Unfortunately, rather than offering a typical save feature, the game employs a password system that records your number of lives, unlocked weapons, and other stats. While this is certainly authentic to the era in which the game was intended to be released, the result in modern times is the frustration of writing down and re-entering a 16-character code whenever you want to resume your progress. Fortunately, they’ve done away with some unused letters, and it’s not possible to confuse “O” with “0”, as was common in the days of passwords.


Per the traditions of eurostyle shooters, you don’t just scroll from left to right blasting everything you see. Instead, there are numerous branching paths, hidden areas, tucked away alcoves, and locked rooms that contain a variety of pickups, including new weapons (more on these in a bit), weapon powerups, health restoratives, ammo, coins, smart bombs that destroy all onscreen enemies, shields that offer temporary invincibility, and 1UPs. Players will want to explore thoroughly to find everything that the game has to offer, although they must be mindful that levels are timed, so they can’t take too long. That said, there’s generally enough time to get through each level if you keep moving, and even if you do run the timer down, you just explode and respawn on the spot.


There are lots of levers to be found that open up doorways or activate platforms or elevators, allowing you to go back and pick up bonus items. That said, some doorways only allow for 1-way travel, so you may lock off the ability to return to a previous part of the stage. For players looking to find everything within the level – and get a perfect stat screen at the end – a bit of replay and memorization are required. Otherwise, missing a few optional pickups is unlikely to make or break a successful run.


There are loads of weapons to discover, including a machine gun, laser rifle, 3-way shot, wave shot, and rocket launcher, and you don’t have to pick just one… Every time you find a new weapon, it is added to your stock, and you can cycle through them with a button press. Each of these weapons draws from a single pool of ammo, which is filled by finding ammo pickups around the environment. That said, one of the best ways to find secrets is to blast away at everything you see, so it’s advisable to stick with your infinite ammo assault rifle outside of miniboss and boss encounters.


All of the weapons can be upgraded twice by finding upgrade icons. This increases the size and power of projectiles for whichever weapon you’re carrying at the time you grab them. Or, if you’ve already powered up your equipped weapon to the max, another of your weapons will be upgraded instead, so the powerup won’t be wasted if you grab it without realizing what it is… which is distinctly possible given the amount of general pandemonium and the small size of the powerup icon.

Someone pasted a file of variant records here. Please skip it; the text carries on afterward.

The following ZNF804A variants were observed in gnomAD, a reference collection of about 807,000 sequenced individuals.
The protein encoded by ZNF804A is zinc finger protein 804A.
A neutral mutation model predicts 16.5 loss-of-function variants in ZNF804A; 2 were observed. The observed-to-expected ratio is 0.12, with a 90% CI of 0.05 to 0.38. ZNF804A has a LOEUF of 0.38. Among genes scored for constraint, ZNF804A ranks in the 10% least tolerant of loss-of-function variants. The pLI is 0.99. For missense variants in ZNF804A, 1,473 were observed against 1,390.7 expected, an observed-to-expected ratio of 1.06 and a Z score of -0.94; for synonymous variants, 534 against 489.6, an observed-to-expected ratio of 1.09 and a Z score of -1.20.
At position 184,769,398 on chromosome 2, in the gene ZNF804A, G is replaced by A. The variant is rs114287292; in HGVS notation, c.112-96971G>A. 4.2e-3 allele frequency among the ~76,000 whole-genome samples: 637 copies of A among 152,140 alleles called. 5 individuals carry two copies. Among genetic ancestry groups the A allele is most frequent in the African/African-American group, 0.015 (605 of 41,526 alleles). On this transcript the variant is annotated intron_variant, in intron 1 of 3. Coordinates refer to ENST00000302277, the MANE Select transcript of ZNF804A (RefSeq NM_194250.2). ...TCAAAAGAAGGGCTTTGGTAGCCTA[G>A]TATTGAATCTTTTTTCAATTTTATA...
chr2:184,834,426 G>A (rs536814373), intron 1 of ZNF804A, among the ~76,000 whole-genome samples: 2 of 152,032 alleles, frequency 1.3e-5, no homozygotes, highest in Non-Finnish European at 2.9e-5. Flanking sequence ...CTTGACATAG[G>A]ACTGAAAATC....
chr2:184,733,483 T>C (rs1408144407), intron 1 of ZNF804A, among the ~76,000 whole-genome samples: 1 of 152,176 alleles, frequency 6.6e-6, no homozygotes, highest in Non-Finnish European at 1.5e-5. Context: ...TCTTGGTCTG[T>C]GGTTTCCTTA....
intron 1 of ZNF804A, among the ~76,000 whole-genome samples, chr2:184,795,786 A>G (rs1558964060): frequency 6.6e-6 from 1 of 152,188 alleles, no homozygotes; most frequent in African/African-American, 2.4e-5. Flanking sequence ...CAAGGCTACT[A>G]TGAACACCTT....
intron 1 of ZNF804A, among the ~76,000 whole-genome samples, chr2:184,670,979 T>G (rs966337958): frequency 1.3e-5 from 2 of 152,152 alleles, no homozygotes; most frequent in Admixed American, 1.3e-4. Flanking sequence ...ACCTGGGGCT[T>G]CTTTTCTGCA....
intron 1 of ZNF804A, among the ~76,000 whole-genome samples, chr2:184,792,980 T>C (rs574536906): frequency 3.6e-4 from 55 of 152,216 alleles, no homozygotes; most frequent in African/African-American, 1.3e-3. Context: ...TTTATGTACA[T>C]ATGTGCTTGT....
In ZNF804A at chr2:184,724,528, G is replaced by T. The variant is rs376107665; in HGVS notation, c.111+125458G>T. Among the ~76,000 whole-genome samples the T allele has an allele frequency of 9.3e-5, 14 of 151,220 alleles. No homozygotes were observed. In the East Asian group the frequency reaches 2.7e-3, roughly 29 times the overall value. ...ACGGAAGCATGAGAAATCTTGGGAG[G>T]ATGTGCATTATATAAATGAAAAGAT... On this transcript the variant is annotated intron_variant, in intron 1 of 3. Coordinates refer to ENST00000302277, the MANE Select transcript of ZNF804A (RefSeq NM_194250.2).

There are loads of enemy types, and many can be onscreen at once, requiring that you quickly take stock and prioritize your targets. For instance, turrets are weak but can hit you from a distance. Some enemies are small but fast, so you’ll want to aim carefully before they close ground. Other enemies charge up powerful attacks, so you’ll want to destroy them quickly or get out of the way of their projectiles. With the freedom to aim in just about any direction, it’s also possible to find safer ground and target enemies from places where they cannot reach. Destroyed enemies often sputter smoke, explode, or otherwise spray tiny particles, often filling the screen with chaos… which suits the high energy atmosphere and heavy shooting action.


Bosses are generally large but uncomplicated. Most of them have simple movement patterns and fire slow-moving projectiles, and they each have HP meters to let you know how close you are to killing them. Most of these encounters boil down to dodging bullets and melee attacks while keeping your bullet stick aimed in their general direction.


While much of the game focuses on the shooty action, and exploration is often optional, some progress is controlled by way of keycards. By finding the proper keycards, players can open doors to continue forward, and sometimes the player must use keycards at terminals to open doors or activate elevators. These terminals also allow the player to see a map of the immediate area, but this isn’t terribly useful. Finding keycards and the associated doors sometimes requires a bit of backtracking, but killed enemies remain dead, although you'll still have to contend with environmental hazards.